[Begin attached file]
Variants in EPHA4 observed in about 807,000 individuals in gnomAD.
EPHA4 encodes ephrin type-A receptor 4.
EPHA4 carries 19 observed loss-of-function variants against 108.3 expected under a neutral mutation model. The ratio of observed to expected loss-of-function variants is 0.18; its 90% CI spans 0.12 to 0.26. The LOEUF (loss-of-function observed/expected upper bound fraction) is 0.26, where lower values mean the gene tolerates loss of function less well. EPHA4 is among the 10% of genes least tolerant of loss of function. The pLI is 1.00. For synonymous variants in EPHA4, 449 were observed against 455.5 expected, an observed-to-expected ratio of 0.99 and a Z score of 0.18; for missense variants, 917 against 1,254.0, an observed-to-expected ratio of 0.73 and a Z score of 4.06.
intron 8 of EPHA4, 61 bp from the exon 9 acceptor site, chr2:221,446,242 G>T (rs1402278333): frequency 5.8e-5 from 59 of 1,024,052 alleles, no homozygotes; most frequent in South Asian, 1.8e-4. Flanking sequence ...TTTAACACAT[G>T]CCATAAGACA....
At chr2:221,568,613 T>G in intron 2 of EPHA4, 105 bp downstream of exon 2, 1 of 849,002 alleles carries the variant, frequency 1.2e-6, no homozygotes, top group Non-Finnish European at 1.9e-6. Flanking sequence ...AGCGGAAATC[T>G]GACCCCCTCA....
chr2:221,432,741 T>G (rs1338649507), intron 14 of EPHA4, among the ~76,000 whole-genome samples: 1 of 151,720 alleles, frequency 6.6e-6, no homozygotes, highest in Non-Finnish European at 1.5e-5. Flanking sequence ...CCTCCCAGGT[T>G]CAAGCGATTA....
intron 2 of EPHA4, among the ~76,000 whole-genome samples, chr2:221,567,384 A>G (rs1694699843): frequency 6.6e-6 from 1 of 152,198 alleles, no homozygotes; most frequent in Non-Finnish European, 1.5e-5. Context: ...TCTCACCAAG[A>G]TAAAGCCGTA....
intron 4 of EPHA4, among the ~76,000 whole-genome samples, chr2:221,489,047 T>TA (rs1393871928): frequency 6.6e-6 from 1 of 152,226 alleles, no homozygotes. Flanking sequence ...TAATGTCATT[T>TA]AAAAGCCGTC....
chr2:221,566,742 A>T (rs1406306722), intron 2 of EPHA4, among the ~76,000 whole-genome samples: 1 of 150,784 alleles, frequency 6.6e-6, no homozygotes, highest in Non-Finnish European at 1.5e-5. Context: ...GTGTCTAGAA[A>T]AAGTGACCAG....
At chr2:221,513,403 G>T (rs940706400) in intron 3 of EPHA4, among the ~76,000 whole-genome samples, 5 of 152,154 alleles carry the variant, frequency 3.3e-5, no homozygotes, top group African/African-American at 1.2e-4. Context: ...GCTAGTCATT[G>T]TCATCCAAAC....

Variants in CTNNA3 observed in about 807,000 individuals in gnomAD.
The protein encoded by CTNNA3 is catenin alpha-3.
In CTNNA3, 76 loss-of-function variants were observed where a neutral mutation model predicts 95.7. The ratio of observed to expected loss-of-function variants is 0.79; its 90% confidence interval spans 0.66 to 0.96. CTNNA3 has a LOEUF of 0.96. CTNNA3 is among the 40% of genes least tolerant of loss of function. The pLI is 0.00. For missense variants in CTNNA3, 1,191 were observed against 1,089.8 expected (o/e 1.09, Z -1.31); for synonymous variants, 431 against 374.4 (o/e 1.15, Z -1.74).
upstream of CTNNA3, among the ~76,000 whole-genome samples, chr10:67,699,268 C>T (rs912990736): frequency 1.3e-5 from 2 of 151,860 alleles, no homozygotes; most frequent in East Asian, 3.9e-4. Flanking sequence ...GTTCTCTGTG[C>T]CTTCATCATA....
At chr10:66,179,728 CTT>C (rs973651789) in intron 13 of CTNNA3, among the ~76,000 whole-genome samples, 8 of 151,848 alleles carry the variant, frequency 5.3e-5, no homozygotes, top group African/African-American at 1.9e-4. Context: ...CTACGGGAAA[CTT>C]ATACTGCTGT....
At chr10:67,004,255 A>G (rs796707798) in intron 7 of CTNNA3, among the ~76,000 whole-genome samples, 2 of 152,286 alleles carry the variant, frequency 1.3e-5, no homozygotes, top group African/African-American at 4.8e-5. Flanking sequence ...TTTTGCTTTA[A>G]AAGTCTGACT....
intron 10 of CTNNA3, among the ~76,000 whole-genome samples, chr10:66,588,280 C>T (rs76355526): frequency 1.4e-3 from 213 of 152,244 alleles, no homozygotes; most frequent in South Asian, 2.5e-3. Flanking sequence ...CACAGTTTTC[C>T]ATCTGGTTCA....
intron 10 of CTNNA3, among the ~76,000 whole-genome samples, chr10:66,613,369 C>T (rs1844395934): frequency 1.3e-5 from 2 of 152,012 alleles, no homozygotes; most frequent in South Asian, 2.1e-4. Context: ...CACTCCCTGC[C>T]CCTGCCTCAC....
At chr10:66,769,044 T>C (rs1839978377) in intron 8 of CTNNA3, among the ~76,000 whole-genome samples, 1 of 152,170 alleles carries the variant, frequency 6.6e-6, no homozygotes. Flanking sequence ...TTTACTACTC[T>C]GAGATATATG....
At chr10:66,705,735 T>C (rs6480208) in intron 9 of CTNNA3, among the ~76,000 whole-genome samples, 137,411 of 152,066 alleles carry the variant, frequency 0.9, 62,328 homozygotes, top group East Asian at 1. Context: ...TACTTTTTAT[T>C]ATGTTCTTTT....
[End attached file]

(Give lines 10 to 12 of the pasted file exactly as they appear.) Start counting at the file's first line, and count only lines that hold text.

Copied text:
At chr2:221,513,403 G>T (rs940706400) in intron 3 of EPHA4, among the ~76,000 whole-genome samples, 5 of 152,154 alleles carry the variant, frequency 3.3e-5, no homozygotes, top group African/African-American at 1.2e-4. Context: ...GCTAGTCATT[G>T]TCATCCAAAC....

Variants in CTNNA3 observed in about 807,000 individuals in gnomAD.
The protein encoded by CTNNA3 is catenin alpha-3.